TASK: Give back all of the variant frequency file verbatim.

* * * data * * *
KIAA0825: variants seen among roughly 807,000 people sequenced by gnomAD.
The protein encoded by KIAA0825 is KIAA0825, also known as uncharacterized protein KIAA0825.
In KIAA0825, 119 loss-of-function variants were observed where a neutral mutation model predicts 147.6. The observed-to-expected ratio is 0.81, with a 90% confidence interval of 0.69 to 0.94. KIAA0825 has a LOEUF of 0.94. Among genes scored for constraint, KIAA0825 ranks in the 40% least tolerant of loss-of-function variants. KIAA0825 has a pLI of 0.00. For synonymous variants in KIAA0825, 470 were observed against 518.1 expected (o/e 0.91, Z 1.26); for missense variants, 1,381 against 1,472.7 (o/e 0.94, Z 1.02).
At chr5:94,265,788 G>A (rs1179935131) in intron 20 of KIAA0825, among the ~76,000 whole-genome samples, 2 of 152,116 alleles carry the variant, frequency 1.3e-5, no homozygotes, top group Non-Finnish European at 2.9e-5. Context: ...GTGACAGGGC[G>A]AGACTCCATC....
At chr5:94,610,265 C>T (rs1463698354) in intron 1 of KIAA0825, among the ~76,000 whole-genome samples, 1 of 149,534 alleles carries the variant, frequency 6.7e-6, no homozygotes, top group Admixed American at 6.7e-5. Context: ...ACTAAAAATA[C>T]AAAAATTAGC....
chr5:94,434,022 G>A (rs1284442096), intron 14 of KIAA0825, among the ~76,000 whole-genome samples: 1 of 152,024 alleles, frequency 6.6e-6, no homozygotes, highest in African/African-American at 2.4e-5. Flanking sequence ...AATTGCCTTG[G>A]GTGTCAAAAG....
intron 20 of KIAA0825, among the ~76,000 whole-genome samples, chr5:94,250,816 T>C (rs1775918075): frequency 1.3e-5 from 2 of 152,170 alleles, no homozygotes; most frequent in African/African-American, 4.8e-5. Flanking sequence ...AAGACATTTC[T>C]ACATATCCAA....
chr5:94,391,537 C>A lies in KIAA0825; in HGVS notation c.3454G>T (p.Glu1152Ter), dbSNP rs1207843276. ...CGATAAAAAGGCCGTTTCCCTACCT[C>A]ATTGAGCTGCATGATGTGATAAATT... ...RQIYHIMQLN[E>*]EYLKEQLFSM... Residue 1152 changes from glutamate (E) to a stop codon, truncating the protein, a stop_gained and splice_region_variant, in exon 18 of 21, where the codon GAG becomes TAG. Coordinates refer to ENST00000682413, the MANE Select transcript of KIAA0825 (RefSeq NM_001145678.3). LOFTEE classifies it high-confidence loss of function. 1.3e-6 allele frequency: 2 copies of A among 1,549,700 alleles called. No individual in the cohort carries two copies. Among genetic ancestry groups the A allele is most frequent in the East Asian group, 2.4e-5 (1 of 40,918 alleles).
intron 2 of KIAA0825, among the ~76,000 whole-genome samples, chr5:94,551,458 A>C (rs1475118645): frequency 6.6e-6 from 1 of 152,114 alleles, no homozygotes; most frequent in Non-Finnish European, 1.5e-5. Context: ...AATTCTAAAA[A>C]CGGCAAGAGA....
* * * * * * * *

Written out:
KIAA0825: variants seen among roughly 807,000 people sequenced by gnomAD.
The protein encoded by KIAA0825 is KIAA0825, also known as uncharacterized protein KIAA0825.
In KIAA0825, 119 loss-of-function variants were observed where a neutral mutation model predicts 147.6. The observed-to-expected ratio is 0.81, with a 90% confidence interval of 0.69 to 0.94. KIAA0825 has a LOEUF of 0.94. Among genes scored for constraint, KIAA0825 ranks in the 40% least tolerant of loss-of-function variants. KIAA0825 has a pLI of 0.00. For synonymous variants in KIAA0825, 470 were observed against 518.1 expected (o/e 0.91, Z 1.26); for missense variants, 1,381 against 1,472.7 (o/e 0.94, Z 1.02).
At chr5:94,265,788 G>A (rs1179935131) in intron 20 of KIAA0825, among the ~76,000 whole-genome samples, 2 of 152,116 alleles carry the variant, frequency 1.3e-5, no homozygotes, top group Non-Finnish European at 2.9e-5. Context: ...GTGACAGGGC[G>A]AGACTCCATC....
At chr5:94,610,265 C>T (rs1463698354) in intron 1 of KIAA0825, among the ~76,000 whole-genome samples, 1 of 149,534 alleles carries the variant, frequency 6.7e-6, no homozygotes, top group Admixed American at 6.7e-5. Context: ...ACTAAAAATA[C>T]AAAAATTAGC....
chr5:94,434,022 G>A (rs1284442096), intron 14 of KIAA0825, among the ~76,000 whole-genome samples: 1 of 152,024 alleles, frequency 6.6e-6, no homozygotes, highest in African/African-American at 2.4e-5. Flanking sequence ...AATTGCCTTG[G>A]GTGTCAAAAG....
intron 20 of KIAA0825, among the ~76,000 whole-genome samples, chr5:94,250,816 T>C (rs1775918075): frequency 1.3e-5 from 2 of 152,170 alleles, no homozygotes; most frequent in African/African-American, 4.8e-5. Flanking sequence ...AAGACATTTC[T>C]ACATATCCAA....
chr5:94,391,537 C>A lies in KIAA0825; in HGVS notation c.3454G>T (p.Glu1152Ter), dbSNP rs1207843276. ...CGATAAAAAGGCCGTTTCCCTACCT[C>A]ATTGAGCTGCATGATGTGATAAATT... ...RQIYHIMQLN[E>*]EYLKEQLFSM... Residue 1152 changes from glutamate (E) to a stop codon, truncating the protein, a stop_gained and splice_region_variant, in exon 18 of 21, where the codon GAG becomes TAG. Coordinates refer to ENST00000682413, the MANE Select transcript of KIAA0825 (RefSeq NM_001145678.3). LOFTEE classifies it high-confidence loss of function. 1.3e-6 allele frequency: 2 copies of A among 1,549,700 alleles called. No individual in the cohort carries two copies. Among genetic ancestry groups the A allele is most frequent in the East Asian group, 2.4e-5 (1 of 40,918 alleles).
intron 2 of KIAA0825, among the ~76,000 whole-genome samples, chr5:94,551,458 A>C (rs1475118645): frequency 6.6e-6 from 1 of 152,114 alleles, no homozygotes; most frequent in Non-Finnish European, 1.5e-5. Context: ...AATTCTAAAA[A>C]CGGCAAGAGA....